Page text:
Re: [oneroom] Re:Teaching Arithmetic
Thanks for these excellent suggestions about teaching arithmetic.
>>> "Langs" <lang@...> 11/15/07 5:40 PM >>>We do 5 hour 1913 reenactments for all of the 4th grade classes in our county (and home schoolers). The pupils pretend to be in 1st, 2nd, 3rd, 5th or 6th grades for the day. For arithmetic I have three 15 minute periods.The 1st and 2nd graders do hands on activities (in 10 to 15 minute periods)--domino addition and box addition problems on their slateboards. When we meet, I give them oral problems to do on their slates from Elements of Arithmetic. Third graders do blackboard subtraction. When we meet I show them how to use reproduction catalogs and assign them to pretend they have $5.00 to spend on gifts for their family. They record name of item, page number, cost and who bought for. This is their seatwork. When I meet with the 5th and 6th graders I teach a Roman numerals lesson from Complete Arithmetic. We also use a chart I made. For their seatwork they do the text assignment.For their other seatwork assignment they do Multiplication and didvion board problems. I use the !
same problems for the 1st, 2nd, 5th and 6th grades. I put the problems on the board without the add, subtract, mult or div signs. I tell them which problems to do. Like:
5 14 24 37 50 79
4 7 6 29 44 63
The Arithmetic texts we use are the ones used in our school in 1913. I had a few of the texts but went online and purchased most of them-they were pretty cheap-I think about $5 each. All our activities are either from the texts actually used or from teacher's books from 1913 or shortly before. Luckilly, our records show that classes were sometimes grouped together for lessons, which makes it easier for our 5 hour day compared to their 7 hour day.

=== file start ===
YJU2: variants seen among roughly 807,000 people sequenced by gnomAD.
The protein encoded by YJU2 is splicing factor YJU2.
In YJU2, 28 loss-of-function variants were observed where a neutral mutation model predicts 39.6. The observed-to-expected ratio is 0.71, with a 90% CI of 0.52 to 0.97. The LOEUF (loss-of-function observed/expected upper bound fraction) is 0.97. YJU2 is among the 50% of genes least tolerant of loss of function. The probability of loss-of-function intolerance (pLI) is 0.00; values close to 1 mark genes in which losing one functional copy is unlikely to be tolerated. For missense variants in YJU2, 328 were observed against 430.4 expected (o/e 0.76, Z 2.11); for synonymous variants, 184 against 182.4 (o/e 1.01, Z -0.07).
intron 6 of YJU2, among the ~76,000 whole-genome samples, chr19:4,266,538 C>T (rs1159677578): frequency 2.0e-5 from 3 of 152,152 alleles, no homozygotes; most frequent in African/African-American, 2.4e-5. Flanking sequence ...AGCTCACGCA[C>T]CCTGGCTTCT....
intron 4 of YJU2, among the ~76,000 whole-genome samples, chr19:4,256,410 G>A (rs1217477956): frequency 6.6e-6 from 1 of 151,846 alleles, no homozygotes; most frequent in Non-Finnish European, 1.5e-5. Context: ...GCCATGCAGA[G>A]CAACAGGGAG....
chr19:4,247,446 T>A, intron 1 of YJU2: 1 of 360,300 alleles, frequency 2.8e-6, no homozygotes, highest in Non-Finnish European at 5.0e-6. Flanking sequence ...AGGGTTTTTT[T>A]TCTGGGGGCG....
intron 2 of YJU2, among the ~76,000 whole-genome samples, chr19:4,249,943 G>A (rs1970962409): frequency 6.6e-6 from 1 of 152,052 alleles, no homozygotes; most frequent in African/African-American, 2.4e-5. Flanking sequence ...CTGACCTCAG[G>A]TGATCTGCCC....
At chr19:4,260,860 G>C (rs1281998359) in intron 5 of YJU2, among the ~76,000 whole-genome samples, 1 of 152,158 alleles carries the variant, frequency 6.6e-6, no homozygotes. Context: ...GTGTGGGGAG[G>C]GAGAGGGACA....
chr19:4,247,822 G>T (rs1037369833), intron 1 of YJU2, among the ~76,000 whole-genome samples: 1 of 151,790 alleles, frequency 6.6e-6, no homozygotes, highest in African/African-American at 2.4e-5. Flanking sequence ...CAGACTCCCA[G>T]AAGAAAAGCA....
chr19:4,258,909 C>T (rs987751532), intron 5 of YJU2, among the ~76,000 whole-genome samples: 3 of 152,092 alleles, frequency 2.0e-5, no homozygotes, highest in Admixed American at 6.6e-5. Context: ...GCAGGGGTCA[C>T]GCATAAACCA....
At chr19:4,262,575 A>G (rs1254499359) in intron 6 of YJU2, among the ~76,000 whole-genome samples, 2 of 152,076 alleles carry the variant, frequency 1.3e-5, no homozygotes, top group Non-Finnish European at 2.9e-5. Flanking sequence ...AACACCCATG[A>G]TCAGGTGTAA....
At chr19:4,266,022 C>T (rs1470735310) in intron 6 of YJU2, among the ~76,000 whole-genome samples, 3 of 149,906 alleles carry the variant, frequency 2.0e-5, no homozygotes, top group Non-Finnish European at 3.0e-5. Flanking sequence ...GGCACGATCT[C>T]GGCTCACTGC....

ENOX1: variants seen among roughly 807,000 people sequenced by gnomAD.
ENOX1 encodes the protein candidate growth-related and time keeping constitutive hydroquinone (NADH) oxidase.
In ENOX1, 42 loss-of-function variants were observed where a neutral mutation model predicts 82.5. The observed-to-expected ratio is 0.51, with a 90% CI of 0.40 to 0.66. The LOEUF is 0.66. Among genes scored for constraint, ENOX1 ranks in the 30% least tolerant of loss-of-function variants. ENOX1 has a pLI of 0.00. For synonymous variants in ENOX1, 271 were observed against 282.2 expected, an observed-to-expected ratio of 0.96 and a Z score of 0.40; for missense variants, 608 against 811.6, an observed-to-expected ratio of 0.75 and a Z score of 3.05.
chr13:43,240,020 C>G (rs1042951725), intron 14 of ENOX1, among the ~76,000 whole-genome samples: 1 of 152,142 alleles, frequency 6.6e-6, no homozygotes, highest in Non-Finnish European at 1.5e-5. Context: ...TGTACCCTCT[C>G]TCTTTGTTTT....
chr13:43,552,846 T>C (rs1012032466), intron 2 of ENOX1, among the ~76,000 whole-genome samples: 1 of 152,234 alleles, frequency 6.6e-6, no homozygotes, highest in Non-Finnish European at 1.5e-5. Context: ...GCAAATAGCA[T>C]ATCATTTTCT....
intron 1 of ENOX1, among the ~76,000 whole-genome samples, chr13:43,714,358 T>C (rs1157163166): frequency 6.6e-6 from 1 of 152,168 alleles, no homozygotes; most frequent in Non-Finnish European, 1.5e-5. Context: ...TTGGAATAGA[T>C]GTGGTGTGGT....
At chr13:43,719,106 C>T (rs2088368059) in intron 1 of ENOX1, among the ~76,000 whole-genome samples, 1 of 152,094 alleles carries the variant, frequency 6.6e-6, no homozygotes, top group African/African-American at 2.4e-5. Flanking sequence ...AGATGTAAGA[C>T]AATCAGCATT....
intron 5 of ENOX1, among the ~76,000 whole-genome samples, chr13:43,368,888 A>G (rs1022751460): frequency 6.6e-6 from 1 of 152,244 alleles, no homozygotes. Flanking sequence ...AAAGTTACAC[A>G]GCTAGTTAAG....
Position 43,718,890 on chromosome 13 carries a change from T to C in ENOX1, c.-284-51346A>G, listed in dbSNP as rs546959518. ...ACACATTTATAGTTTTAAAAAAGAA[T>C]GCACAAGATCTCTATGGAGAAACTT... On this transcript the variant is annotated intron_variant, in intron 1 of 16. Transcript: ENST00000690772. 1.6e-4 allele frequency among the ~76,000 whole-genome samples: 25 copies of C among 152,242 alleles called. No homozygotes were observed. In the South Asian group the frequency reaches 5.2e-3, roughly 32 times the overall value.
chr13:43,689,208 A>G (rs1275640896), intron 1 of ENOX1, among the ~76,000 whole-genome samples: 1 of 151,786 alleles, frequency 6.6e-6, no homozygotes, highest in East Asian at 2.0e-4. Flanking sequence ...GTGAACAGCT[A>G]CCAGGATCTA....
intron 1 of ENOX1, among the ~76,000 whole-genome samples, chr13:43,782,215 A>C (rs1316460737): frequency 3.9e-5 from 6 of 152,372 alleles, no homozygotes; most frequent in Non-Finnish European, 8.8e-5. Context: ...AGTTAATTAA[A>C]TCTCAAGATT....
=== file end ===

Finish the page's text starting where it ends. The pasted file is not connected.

----- Original Message -----
From: Lucy Townsend
To: suthoff@... ; email@example.com
Sent: Thursday, November 15, 2007 12:05 PM
Subject: [oneroom] Re:Teaching Arithmetic
I am wondering how to teach 1900 arithmetic in a one-room school more effectively than we have done. In the past we have put problems on the board for groups of kids at various age levels, but our board is small. We do not have a set of arithmetic books for 25-30 students. Surely there must be a better way to do this. Do you have replicas of arithmetic books or have you found another way to teach arithmetic to several groups simultaneously? Thanks so much for your help.
Milan Township #38 District School
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